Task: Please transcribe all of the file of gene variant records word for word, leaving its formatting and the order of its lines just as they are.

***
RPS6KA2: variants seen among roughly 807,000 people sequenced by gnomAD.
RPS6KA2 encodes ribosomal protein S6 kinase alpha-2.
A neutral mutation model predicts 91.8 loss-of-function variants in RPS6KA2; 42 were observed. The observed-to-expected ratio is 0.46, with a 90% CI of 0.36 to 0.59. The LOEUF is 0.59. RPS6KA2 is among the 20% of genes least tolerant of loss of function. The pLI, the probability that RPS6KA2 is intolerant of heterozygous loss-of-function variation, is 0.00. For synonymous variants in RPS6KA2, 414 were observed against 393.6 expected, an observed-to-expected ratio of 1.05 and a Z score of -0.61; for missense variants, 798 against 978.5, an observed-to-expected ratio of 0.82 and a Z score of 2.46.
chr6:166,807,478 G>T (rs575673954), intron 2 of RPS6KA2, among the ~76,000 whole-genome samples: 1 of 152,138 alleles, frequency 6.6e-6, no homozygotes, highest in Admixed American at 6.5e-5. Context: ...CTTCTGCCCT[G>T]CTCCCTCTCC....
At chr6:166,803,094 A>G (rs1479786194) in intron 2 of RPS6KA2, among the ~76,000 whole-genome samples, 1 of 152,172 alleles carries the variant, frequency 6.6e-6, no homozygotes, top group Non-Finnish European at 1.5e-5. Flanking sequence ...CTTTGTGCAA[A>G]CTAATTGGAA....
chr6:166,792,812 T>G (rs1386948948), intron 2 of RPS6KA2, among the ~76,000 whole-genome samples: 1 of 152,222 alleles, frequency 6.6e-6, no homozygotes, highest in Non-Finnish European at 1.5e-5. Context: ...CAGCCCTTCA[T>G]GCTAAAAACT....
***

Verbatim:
RPS6KA2: variants seen among roughly 807,000 people sequenced by gnomAD.
RPS6KA2 encodes ribosomal protein S6 kinase alpha-2.
A neutral mutation model predicts 91.8 loss-of-function variants in RPS6KA2; 42 were observed. The observed-to-expected ratio is 0.46, with a 90% CI of 0.36 to 0.59. The LOEUF is 0.59. RPS6KA2 is among the 20% of genes least tolerant of loss of function. The pLI, the probability that RPS6KA2 is intolerant of heterozygous loss-of-function variation, is 0.00. For synonymous variants in RPS6KA2, 414 were observed against 393.6 expected, an observed-to-expected ratio of 1.05 and a Z score of -0.61; for missense variants, 798 against 978.5, an observed-to-expected ratio of 0.82 and a Z score of 2.46.
chr6:166,807,478 G>T (rs575673954), intron 2 of RPS6KA2, among the ~76,000 whole-genome samples: 1 of 152,138 alleles, frequency 6.6e-6, no homozygotes, highest in Admixed American at 6.5e-5. Context: ...CTTCTGCCCT[G>T]CTCCCTCTCC....
At chr6:166,803,094 A>G (rs1479786194) in intron 2 of RPS6KA2, among the ~76,000 whole-genome samples, 1 of 152,172 alleles carries the variant, frequency 6.6e-6, no homozygotes, top group Non-Finnish European at 1.5e-5. Flanking sequence ...CTTTGTGCAA[A>G]CTAATTGGAA....
chr6:166,792,812 T>G (rs1386948948), intron 2 of RPS6KA2, among the ~76,000 whole-genome samples: 1 of 152,222 alleles, frequency 6.6e-6, no homozygotes, highest in Non-Finnish European at 1.5e-5. Context: ...CAGCCCTTCA[T>G]GCTAAAAACT....